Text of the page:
MakeShift is a new design series for city dwellers with roommates, space constrictions, and other such awkwardness. It's a conversation for people who are being artful with their space and kicking ass while doing it.
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Jared Higbee and Michael Morse, bartenders with backgrounds in bioengineering and self-taught furniture building, respectively, are roommates who are all about making stuff, parties, and preventing drunks from nearby bars from pissing on their tree outside.
To accomplish the latter, they built a "tree bench."
"That took care of the problem," said Michael. And was a much more Zen solution than trading shifts on the stoop with a shotgun.
Of course, the tree bench's mini-garden still has kinks. "We have a customer at the bar," Jared said. "He's an arborist for the Botanical Gardens, worried that the 15 inches of soil is suffocating the tree root. I'm worried, too. My mother was a botanist and so was my grandfather. I plan to excavate around the tree for ventilation. I also want to light it with solar powered LEDs nestled within the tree."And that is the lesson of the day, folks. Anything is possible with LEDs. Anything. Like this LED lamp powered by 300 Apples. Or these solar-powered LED spheres dancing with the Sumida river in this year's Tokyo Hotaru Festival. For Jared, who Michael calls "the synergizer bunny," what could his urban tree lighting solution be? Something in a jar? On a string? A rabbit in a hat? With a bat?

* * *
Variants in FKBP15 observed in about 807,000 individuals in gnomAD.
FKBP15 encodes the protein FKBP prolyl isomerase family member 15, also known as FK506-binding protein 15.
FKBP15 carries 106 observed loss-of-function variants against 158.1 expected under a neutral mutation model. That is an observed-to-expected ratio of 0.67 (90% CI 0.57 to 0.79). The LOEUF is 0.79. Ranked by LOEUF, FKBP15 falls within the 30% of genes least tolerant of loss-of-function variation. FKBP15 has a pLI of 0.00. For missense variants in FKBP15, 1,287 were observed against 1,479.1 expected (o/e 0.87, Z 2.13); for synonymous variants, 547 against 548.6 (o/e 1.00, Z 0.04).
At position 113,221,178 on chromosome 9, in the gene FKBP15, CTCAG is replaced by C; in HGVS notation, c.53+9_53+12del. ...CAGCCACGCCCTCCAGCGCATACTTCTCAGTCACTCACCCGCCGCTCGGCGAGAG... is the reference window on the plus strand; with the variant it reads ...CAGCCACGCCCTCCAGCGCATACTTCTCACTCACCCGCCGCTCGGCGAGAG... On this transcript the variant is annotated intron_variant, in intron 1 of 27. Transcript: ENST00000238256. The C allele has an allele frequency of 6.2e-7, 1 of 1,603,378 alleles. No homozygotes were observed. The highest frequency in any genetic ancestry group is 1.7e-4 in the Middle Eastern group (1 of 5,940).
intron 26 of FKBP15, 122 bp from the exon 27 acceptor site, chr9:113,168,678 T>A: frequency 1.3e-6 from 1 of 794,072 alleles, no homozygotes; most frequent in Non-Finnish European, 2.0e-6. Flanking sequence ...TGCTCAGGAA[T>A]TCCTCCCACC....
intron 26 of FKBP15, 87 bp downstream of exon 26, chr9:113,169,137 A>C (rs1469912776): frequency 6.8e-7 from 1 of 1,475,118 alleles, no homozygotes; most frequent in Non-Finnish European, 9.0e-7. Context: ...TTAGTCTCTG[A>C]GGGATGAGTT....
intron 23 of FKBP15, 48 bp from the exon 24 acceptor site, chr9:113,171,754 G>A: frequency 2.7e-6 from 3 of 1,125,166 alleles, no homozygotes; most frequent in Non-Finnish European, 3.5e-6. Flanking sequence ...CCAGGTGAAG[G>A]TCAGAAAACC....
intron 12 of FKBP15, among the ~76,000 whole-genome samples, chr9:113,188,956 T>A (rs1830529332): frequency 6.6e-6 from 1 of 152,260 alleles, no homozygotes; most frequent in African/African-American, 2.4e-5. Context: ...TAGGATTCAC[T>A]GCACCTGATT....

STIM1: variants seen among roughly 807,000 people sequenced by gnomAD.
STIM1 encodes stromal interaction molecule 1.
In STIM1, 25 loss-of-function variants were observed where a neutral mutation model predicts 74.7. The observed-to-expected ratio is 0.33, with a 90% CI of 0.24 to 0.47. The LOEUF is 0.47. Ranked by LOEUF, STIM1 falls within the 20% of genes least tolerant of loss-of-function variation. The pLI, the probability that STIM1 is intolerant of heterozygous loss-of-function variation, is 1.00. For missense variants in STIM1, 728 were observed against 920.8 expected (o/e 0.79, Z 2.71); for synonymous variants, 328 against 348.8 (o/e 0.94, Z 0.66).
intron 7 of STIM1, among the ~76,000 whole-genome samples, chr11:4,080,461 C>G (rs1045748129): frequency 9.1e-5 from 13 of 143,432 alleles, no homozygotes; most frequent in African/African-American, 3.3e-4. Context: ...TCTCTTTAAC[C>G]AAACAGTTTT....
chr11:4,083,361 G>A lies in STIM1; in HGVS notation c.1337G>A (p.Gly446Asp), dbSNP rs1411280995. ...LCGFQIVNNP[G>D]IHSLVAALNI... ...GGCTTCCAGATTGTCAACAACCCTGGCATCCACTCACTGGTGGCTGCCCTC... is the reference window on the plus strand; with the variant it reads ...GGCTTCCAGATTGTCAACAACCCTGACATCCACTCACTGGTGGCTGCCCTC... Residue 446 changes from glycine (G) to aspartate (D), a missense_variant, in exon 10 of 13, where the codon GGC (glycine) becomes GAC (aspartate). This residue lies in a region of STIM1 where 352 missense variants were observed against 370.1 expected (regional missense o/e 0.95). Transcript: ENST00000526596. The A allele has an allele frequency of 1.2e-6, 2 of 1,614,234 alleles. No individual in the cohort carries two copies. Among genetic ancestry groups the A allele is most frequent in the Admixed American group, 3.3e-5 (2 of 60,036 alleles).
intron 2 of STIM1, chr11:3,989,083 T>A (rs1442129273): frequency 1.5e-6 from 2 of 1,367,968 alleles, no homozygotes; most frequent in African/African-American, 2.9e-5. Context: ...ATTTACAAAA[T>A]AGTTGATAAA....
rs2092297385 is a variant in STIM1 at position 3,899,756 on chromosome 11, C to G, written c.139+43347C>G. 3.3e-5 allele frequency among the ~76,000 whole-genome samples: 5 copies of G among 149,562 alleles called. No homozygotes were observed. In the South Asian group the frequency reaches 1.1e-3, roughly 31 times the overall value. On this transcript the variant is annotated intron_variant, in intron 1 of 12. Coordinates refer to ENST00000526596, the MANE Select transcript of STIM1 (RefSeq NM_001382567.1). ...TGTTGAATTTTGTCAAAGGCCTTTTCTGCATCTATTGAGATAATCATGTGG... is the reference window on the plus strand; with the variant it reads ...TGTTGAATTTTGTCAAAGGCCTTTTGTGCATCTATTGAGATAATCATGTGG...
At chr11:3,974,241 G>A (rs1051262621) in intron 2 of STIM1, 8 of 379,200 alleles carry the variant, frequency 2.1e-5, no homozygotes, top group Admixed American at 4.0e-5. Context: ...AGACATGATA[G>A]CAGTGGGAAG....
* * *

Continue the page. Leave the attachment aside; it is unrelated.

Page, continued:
"Jared is the clean lines guy," Michael said. "Personally, I hate those design magazines where the room looks like a hotel. They won't even put a bowl of fruit on the table. It's like no one lives there."
The table in the Michael/Jared kitchen is realistic, lived-in, and can afford to be ping-pong table sized (just sayin') since seating tucks underneath. Michael built two bench/shelf units tailored to nest into the table to configure a dinner for eight, LED project space, or Hawaiian party buffet.
"A lot of cookbooks are made coffee table-size," said Michael. "Who has a coffee table in their kitchen?" We don't know anyone with a coffee table in their kitchen.
Sterile is boring, but the Michael/Jared kitchen is tongue-in-cheek hospital chic.
Here's how they handle their biohazards:
"Those are bar trash cans I got from work. I spray-painted them. Jared made the stencils. You gotta go to Blick and get good spray paint that will adhere to plastic."
"The pot rack is made from a bed frame I found on the street. I spray painted it filing cabinet gray."
Bam! A utilitarian home that never smells like pee at the door, and never takes itself too seriously.Follow us on Twitter at @ExhibitionistSF and like us on Facebook.